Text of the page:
In another embodiment, dedicated performance counters are also provided for the logical partitions coupled to the logical resources of the network interface. The LPAR dedicated performance counters track, for instance, the number of bytes or packets transmitted or received at the LPAR via the logical resource coupled thereto. The provision of performance counters per LPAR is useful for metering in on-demand environments, and in allocation or path selection by workload managers. The LPAR ID in the queue pair context is used to associate the packet to the LPAR.
Physical error counts are only applicable to physical links, and thus, can be reported as zero for logical links. That is, link error counters are only applicable to the physical ports and do not need to be maintained for the logical ports because there is no hardware that can contribute to these kinds of errors. If link error counters are requested for a logical port, these counts can be accurately reported as zero by the performance management agent of the hypervisor.
Although embodiments and examples are described herein, many variations to the embodiments and/or examples may be made without departing from the spirit of the present invention. For example, the virtualized network interface may be other than a host channel adapter. As further examples, the operating systems may be other than those described herein and the hypervisor may be other than the POWER Hypervisor. Further, the communications environment may include more, less or different components. Yet further, the environment may be of a different architecture. In yet a further embodiment, for one or more aspects of the present invention, the environment may not be a logically partitioned environment.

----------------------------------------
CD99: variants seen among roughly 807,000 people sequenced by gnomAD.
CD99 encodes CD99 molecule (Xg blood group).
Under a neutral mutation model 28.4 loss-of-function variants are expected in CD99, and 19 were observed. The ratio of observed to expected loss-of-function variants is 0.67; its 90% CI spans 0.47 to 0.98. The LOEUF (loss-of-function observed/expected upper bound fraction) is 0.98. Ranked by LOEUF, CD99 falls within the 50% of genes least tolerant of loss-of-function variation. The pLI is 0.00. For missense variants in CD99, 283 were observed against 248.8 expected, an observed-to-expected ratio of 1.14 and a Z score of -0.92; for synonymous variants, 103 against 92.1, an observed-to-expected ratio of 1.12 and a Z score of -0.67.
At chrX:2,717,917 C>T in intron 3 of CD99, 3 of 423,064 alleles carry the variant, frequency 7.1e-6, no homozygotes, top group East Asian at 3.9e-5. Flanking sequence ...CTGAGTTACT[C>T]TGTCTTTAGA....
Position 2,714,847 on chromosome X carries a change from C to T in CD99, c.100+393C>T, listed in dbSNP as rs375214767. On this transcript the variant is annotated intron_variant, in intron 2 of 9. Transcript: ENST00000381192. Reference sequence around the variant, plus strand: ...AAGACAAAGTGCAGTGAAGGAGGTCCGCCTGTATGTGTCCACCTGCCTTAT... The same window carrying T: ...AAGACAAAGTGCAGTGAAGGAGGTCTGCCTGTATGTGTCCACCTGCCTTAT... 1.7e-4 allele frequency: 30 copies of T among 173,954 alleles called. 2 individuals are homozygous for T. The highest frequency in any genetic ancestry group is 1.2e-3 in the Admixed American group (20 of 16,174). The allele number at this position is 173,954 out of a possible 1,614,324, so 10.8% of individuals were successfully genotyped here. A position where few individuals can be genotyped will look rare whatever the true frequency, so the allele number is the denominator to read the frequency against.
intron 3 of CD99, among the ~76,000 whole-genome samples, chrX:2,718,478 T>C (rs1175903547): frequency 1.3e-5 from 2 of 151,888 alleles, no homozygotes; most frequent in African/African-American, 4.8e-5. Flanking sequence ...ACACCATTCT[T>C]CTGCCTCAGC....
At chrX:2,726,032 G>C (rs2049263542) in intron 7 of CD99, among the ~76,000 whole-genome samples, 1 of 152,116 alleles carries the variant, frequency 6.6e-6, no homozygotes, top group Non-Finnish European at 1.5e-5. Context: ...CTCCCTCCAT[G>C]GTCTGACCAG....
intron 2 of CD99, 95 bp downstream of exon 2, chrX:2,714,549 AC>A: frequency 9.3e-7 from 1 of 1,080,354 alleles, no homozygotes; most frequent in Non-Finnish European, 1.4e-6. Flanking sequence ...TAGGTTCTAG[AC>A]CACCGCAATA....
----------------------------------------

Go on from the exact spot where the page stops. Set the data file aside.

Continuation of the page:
In another embodiment, the counters may be stored in memory, instead of hardware. Many other variations may exist, without departing from the spirit of the present invention.
The capabilities of one or more aspects of the present invention can be implemented in software, firmware, hardware or some combination thereof.
One or more aspects of the present invention can be included in an article of manufacture (e.g., one or more computer program products) having, for instance, computer usable media. The media has therein, for instance, computer readable program code means or logic (e.g., instructions, code, commands, etc.) to provide and facilitate the capabilities of the present invention. The article of manufacture can be included as a part of a computer system or sold separately.
Additionally, at least one program storage device readable by a machine embodying at least one program of instructions executable by the machine to perform the capabilities of the present invention can be provided.
The diagrams depicted herein are just examples. There may be many variations to these diagrams or the steps (or operations) described therein without departing from the spirit of the invention. For instance, the steps may be performed in a differing order, or steps may be added, deleted or modified. All of these variations are considered a part of the claimed invention.
Although preferred embodiments have been depicted and described in detail herein, it will be apparent to those skilled in the relevant art that various modifications, additions, substitutions and the like can be made without departing from the spirit of the invention and these are therefore considered to be within the scope of the invention as defined in the following claims.
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|1||Chinese Office Action issued for Chinese Patent Publication No. 2006-10153915.1, dated Mar. 10, 2010.|
|2||Final Office Action for U.S. Appl. No. 11/247,872 dated Jul. 22, 2008.|
|3||InfiniBand Architecture Specification, vol. 1, Release 1.2, 2004, pp. 138, 651, 667, 704, 725, 732, 737, 749-769, 1004.|
|4||Office Action for U.S. Appl. No. 11/247,872 dated Feb. 6, 2008.|
|U.S. Classification||709/250, 710/8, 713/100|
|Cooperative Classification||H04L41/5009, H04L43/0847, H04L12/2602, H04L43/00, H04L41/046|
|European Classification||H04L12/26M, H04L43/00, H04L41/50A2|
|Feb 6, 2015||REMI||Maintenance fee reminder mailed|
|Jun 28, 2015||LAPS||Lapse for failure to pay maintenance fees|
|Aug 18, 2015||FP||Expired due to failure to pay maintenance fee|
Effective date: 20150628